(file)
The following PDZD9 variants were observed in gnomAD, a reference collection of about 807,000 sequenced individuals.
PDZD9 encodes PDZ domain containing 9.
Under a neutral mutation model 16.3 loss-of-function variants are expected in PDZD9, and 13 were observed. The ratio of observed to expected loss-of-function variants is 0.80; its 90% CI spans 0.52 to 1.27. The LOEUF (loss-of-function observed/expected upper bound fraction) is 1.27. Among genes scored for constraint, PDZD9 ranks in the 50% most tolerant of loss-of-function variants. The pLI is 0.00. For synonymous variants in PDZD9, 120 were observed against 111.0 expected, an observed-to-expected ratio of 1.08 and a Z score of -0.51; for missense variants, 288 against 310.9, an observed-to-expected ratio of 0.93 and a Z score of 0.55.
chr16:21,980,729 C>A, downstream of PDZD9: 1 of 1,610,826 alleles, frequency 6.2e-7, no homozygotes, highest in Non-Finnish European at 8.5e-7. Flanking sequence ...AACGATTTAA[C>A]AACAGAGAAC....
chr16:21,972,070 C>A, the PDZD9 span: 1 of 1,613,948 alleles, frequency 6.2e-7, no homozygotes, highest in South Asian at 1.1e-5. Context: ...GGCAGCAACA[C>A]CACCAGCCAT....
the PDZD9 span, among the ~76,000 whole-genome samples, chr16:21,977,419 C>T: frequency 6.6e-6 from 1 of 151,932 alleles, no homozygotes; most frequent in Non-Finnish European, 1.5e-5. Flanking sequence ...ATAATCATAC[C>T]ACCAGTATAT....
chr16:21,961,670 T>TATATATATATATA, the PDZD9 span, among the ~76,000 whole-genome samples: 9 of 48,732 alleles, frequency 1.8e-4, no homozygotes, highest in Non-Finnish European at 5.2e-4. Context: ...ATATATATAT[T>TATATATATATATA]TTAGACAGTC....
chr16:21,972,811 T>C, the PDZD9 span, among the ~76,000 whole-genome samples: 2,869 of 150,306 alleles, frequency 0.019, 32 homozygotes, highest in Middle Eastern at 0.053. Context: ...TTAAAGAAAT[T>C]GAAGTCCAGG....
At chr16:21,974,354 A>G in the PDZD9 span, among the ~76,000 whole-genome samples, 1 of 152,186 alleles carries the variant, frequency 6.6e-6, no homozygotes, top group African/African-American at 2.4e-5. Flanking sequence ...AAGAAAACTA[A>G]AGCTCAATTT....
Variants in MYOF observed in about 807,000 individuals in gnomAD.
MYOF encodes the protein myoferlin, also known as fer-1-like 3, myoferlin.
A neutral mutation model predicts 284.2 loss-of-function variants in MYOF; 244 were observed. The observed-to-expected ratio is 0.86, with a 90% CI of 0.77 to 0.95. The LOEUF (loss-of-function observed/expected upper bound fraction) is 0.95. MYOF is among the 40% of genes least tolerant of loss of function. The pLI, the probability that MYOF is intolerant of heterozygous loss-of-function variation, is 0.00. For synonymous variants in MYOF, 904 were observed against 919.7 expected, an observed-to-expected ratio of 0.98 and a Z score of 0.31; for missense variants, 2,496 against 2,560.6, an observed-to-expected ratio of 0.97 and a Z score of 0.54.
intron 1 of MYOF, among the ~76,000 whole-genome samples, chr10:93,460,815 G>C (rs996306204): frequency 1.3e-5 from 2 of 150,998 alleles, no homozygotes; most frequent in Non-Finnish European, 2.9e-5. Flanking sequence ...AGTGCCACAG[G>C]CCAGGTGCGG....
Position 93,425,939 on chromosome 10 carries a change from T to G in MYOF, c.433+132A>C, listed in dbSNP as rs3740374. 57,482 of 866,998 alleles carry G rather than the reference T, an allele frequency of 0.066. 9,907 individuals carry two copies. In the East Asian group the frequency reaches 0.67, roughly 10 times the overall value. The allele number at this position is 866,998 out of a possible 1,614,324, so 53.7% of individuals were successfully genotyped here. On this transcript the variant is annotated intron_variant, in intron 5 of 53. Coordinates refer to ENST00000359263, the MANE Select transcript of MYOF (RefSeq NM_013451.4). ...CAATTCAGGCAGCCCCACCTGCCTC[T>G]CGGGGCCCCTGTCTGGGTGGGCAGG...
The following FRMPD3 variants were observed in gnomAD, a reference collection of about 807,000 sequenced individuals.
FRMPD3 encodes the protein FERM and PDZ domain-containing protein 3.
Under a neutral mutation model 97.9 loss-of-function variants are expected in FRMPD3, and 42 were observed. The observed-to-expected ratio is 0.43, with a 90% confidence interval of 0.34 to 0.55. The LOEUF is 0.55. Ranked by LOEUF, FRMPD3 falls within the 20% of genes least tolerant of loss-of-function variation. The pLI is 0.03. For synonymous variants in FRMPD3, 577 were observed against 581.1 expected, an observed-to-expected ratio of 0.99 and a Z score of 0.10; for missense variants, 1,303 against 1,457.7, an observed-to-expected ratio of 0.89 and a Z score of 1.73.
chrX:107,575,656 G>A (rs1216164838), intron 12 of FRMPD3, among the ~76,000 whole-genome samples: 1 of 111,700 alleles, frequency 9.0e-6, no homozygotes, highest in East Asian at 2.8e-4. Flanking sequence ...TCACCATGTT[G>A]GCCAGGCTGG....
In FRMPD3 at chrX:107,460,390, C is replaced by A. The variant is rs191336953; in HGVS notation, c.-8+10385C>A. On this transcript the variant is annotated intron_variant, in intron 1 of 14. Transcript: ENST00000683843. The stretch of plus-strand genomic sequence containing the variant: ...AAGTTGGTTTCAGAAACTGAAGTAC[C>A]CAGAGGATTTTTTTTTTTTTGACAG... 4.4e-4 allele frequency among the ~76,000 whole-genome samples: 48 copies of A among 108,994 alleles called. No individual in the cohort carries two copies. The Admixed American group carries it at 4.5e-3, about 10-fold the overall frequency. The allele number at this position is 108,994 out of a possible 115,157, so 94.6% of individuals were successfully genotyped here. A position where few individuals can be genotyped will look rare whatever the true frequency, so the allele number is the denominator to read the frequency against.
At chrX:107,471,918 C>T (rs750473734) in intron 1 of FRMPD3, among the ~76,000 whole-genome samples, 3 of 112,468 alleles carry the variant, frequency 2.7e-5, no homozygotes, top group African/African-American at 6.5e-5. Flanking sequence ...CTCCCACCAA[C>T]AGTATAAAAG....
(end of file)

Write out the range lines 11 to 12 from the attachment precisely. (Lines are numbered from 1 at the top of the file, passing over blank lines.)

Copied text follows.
MYOF encodes the protein myoferlin, also known as fer-1-like 3, myoferlin.
A neutral mutation model predicts 284.2 loss-of-function variants in MYOF; 244 were observed. The observed-to-expected ratio is 0.86, with a 90% CI of 0.77 to 0.95. The LOEUF (loss-of-function observed/expected upper bound fraction) is 0.95. MYOF is among the 40% of genes least tolerant of loss of function. The pLI, the probability that MYOF is intolerant of heterozygous loss-of-function variation, is 0.00. For synonymous variants in MYOF, 904 were observed against 919.7 expected, an observed-to-expected ratio of 0.98 and a Z score of 0.31; for missense variants, 2,496 against 2,560.6, an observed-to-expected ratio of 0.97 and a Z score of 0.54.